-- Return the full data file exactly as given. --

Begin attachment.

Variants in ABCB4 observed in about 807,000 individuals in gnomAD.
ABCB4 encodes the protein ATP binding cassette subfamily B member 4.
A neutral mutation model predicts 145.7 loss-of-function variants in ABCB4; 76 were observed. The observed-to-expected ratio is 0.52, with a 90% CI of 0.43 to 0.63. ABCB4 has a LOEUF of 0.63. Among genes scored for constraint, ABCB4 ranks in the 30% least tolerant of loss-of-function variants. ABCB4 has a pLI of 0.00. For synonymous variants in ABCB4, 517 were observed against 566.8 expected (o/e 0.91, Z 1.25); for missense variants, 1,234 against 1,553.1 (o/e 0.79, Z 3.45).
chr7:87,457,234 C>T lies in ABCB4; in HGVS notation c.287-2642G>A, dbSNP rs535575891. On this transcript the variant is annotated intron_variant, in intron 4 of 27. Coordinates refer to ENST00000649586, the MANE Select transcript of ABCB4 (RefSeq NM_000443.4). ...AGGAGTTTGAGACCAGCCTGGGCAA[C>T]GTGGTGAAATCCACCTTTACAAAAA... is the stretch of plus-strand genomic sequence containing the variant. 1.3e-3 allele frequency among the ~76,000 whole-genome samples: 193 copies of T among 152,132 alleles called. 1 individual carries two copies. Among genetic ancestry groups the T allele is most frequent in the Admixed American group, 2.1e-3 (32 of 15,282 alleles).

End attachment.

Variants in ABCB4 observed in about 807,000 individuals in gnomAD.
ABCB4 encodes the protein ATP binding cassette subfamily B member 4.
A neutral mutation model predicts 145.7 loss-of-function variants in ABCB4; 76 were observed. The observed-to-expected ratio is 0.52, with a 90% CI of 0.43 to 0.63. ABCB4 has a LOEUF of 0.63. Among genes scored for constraint, ABCB4 ranks in the 30% least tolerant of loss-of-function variants. ABCB4 has a pLI of 0.00. For synonymous variants in ABCB4, 517 were observed against 566.8 expected (o/e 0.91, Z 1.25); for missense variants, 1,234 against 1,553.1 (o/e 0.79, Z 3.45).
chr7:87,457,234 C>T lies in ABCB4; in HGVS notation c.287-2642G>A, dbSNP rs535575891. On this transcript the variant is annotated intron_variant, in intron 4 of 27. Coordinates refer to ENST00000649586, the MANE Select transcript of ABCB4 (RefSeq NM_000443.4). ...AGGAGTTTGAGACCAGCCTGGGCAA[C>T]GTGGTGAAATCCACCTTTACAAAAA... is the stretch of plus-strand genomic sequence containing the variant. 1.3e-3 allele frequency among the ~76,000 whole-genome samples: 193 copies of T among 152,132 alleles called. 1 individual carries two copies. Among genetic ancestry groups the T allele is most frequent in the Admixed American group, 2.1e-3 (32 of 15,282 alleles).